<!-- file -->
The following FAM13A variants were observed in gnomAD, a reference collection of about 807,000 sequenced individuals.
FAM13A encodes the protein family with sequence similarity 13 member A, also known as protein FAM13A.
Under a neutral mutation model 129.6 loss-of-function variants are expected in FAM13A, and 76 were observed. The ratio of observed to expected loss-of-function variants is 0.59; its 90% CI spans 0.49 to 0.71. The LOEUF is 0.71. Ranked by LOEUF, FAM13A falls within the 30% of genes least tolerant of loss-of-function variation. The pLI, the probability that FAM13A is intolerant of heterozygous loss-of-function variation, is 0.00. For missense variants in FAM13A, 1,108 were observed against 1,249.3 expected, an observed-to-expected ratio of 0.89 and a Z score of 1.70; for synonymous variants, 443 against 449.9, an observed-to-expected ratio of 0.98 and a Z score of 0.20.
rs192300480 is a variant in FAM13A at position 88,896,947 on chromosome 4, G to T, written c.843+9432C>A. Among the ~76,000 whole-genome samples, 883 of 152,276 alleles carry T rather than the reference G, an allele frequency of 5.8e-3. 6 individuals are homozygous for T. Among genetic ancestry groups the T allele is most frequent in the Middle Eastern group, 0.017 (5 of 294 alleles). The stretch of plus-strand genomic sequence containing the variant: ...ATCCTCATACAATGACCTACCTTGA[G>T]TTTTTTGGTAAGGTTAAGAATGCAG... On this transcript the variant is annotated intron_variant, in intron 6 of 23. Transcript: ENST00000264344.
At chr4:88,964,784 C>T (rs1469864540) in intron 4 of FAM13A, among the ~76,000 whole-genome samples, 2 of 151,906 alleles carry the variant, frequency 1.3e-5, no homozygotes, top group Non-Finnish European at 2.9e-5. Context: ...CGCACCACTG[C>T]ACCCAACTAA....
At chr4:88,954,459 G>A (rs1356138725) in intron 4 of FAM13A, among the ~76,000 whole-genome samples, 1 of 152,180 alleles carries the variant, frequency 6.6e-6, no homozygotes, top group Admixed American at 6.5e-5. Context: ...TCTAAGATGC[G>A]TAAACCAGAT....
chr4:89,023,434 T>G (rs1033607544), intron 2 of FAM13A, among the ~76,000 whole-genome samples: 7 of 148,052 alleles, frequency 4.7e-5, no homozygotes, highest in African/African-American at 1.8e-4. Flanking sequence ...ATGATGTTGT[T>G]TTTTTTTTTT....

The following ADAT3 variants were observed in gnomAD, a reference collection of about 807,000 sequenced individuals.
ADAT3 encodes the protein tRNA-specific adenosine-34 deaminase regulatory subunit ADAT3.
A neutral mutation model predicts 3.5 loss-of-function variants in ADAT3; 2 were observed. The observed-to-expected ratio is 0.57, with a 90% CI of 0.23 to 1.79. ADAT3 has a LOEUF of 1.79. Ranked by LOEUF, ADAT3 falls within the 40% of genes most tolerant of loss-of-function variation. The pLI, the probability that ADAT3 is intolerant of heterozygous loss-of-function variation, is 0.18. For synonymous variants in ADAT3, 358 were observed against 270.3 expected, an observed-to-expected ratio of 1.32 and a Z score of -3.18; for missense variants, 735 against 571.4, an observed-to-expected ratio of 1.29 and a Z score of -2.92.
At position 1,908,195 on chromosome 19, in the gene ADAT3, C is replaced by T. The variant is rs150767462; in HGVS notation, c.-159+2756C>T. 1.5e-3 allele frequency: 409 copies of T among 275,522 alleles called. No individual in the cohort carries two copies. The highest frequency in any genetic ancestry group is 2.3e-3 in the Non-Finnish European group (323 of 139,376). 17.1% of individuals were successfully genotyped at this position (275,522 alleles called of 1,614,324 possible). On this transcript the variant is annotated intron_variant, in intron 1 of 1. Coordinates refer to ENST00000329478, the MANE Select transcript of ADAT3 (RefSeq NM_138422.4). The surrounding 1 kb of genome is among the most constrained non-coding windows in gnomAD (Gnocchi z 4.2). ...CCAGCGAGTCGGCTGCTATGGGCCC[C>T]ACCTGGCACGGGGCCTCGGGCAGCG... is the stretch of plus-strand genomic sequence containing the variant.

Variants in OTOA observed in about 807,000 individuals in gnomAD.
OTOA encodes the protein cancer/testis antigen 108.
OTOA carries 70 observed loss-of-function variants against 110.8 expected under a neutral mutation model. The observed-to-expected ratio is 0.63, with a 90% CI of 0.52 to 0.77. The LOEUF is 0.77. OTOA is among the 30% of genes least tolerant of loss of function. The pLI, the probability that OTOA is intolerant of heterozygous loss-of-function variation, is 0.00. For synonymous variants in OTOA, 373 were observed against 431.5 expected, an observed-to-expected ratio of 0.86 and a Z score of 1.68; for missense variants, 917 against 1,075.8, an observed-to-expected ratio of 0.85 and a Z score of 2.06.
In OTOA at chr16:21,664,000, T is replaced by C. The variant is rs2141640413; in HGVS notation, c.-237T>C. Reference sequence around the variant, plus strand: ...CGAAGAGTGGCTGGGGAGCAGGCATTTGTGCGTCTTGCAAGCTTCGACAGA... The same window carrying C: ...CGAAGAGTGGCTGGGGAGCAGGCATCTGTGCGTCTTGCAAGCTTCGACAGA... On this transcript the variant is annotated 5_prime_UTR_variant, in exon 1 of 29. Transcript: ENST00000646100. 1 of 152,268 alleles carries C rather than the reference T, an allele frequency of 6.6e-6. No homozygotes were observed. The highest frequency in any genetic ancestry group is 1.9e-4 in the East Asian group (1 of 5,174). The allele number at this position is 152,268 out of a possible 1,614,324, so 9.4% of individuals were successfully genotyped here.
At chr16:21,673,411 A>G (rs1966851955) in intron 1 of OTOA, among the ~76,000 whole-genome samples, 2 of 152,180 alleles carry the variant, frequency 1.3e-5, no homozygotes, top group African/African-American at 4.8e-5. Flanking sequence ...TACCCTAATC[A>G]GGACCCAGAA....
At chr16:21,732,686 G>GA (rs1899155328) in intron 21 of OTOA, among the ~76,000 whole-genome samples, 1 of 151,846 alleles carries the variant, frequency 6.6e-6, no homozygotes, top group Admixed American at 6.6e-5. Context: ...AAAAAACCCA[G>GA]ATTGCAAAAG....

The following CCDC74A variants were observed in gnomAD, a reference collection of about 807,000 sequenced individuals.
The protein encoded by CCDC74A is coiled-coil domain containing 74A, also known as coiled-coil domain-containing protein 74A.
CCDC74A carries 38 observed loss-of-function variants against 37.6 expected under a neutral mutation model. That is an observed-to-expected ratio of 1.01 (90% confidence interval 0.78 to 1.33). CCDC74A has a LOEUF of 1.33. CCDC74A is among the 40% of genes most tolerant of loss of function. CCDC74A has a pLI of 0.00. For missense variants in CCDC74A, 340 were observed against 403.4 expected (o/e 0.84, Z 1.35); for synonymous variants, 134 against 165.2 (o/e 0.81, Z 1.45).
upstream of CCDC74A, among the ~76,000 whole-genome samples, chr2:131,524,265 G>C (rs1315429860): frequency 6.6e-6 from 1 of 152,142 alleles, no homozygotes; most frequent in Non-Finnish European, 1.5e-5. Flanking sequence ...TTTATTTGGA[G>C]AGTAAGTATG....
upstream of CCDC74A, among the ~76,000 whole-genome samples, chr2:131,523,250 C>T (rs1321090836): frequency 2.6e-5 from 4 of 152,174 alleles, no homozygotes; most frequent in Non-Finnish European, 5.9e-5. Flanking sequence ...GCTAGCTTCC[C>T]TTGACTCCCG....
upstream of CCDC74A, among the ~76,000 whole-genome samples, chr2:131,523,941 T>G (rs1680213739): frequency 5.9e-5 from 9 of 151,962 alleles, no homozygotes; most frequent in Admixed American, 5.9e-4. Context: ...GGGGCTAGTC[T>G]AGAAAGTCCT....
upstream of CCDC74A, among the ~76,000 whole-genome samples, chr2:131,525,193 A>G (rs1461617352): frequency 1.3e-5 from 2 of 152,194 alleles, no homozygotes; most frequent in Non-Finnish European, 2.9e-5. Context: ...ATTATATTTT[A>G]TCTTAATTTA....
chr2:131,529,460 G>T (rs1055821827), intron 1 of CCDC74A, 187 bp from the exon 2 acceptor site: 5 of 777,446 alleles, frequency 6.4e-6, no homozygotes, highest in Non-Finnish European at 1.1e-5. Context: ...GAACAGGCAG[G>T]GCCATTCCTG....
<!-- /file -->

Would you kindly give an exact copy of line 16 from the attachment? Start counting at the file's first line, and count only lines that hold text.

At chr16:21,673,411 A>G (rs1966851955) in intron 1 of OTOA, among the ~76,000 whole-genome samples, 2 of 152,180 alleles carry the variant, frequency 1.3e-5, no homozygotes, top group African/African-American at 4.8e-5. Flanking sequence ...TACCCTAATC[A>G]GGACCCAGAA....